John – thanks for stopping by. Will have a look at ‘My Year of Living Dangerously’ when I get a chance (am typing this in my lunch hour at work!)

  2. #3 by johnlmalone on March 8, 2012 - 12:11 pm

    good blog, Sally. re motivation seeing you;’re thye one for seeking out blogs if you go just a little bit back from this blog — or is forward? — you;ll find one called ‘My Year Of Living Dangerously’ which will answer many questions. Let me know if you can’t find it

  3. #4 by Terry Whitworth on March 8, 2012 - 1:52 pm

    Hi Sally,

    I agree with your comments re ‘smaller motivations’ but what really makes me annoyed, is when certain magazines think the work of a writer is good enough to publish but not to pay for. If an article, short story or whatever is of a high enough standard to be published and enjoyed by the readers of the magazine, then the work is certainly worthy of payment.
    As writers we work for our art; often when writing an article I will have put hours into the research prior to my fingers striking the keyboard and in my view this constitutes work. And as such the finished item, if good enough to publish, should be paid for.

    Kind regards,
    Terry.

  4. #5 by liz young on March 8, 2012 - 4:50 pm

    Sally – I wrote about how I got started – see my blog – but what keeps me going? Sheer need! If I haven’t written for a week or two, as when travelling with OH, I get twitchy and cross.
    And then there are al the ideas that I must get at least into note form before I can sleep!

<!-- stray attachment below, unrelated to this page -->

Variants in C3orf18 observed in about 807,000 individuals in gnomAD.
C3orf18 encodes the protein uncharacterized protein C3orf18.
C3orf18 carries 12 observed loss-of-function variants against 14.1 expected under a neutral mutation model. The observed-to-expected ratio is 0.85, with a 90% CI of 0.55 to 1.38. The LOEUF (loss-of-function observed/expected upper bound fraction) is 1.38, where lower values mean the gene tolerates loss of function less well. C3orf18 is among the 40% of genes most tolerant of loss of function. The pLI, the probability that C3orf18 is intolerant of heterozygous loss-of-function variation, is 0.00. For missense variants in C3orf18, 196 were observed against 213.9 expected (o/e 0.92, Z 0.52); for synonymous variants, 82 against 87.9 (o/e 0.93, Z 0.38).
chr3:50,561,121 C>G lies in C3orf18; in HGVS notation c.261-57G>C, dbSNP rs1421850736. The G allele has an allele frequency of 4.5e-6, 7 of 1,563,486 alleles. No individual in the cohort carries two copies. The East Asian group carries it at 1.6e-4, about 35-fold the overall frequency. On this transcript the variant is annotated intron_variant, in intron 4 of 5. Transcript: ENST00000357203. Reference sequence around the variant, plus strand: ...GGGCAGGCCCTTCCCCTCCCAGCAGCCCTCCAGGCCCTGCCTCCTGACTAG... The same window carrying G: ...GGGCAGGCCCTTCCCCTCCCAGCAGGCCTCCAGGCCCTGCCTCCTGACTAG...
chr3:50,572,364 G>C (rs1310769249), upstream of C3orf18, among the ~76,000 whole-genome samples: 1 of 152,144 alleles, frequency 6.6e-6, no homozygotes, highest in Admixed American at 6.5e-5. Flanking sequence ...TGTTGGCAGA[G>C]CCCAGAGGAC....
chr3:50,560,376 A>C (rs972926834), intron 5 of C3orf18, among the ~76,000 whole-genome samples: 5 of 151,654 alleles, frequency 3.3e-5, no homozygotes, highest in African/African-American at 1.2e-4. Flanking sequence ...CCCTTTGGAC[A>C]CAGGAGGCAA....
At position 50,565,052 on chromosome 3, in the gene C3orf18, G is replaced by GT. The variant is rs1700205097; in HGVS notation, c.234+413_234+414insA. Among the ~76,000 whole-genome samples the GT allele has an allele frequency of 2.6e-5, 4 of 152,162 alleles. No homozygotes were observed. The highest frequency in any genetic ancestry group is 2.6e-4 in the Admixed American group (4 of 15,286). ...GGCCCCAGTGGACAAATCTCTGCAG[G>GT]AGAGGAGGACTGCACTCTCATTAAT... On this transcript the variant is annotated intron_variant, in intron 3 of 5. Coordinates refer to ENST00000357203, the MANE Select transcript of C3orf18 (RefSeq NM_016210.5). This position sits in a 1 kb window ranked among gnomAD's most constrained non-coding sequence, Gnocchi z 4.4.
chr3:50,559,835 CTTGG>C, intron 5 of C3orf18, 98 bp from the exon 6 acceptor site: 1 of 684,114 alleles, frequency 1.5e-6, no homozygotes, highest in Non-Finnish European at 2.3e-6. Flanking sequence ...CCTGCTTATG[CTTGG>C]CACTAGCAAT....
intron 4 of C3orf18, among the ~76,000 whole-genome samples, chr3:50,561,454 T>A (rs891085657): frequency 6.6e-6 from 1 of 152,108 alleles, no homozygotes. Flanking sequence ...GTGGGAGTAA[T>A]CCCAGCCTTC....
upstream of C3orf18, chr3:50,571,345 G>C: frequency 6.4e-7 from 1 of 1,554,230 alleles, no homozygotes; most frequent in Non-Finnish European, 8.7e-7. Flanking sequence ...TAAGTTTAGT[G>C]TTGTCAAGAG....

Money? Hardly likely with all those rejections. Recognition? It would be noce at least to put a copy of my books in my children’s hands before I drop off my twig!

  5. #6 by susanjanejones on March 8, 2012 - 5:57 pm

    Hi Sally,
    I write because I enjoy it, and always love it when something gets accepted somewhere, even if payment is a copy of the magazine it’s in. I would be quite stressed if I thought I had to earn a living from writing, it would be good if I could though.

    • #7 by Sally Jenkins on March 8, 2012 - 8:48 pm

      Terry – In my opinion, if the publication is run for profit then definitely writers should always be paid, if it’s a charity then things are slightly different. I agree that we are often undervalued and it’s annoying when publications think we will be happy just for the ‘prestige’ of appearing in their pages – even though they are making money out of the publication.

      Liz – You sound like a true writing addict! Isn’t it annoying when idea pops into your head just as you’re falling asleep & you have to risk the wrath of the OH by turning the light on to write it down!

      Susan – I agree that if you know selling a story is vital to pay the mortgage then the enjoyment might go and writing will become a chore.

  6. #8 by shirleyelmokadem on March 10, 2012 - 8:35 pm

    Poems often scream at me to be written and I have no choice but to write them down!

  7. #10 by robinnis on April 1, 2012 - 7:06 pm

    I write to share information to either inform or entertain people. I don’t make a living at it so it is just as well I don’t have too. But, naturally, I don’t object to the odd small remuneration coming my way.

    • #11 by Sally Jenkins on April 1, 2012 - 7:13 pm

      Hi Rob – I don’t think any of us object to the odd small remuneration!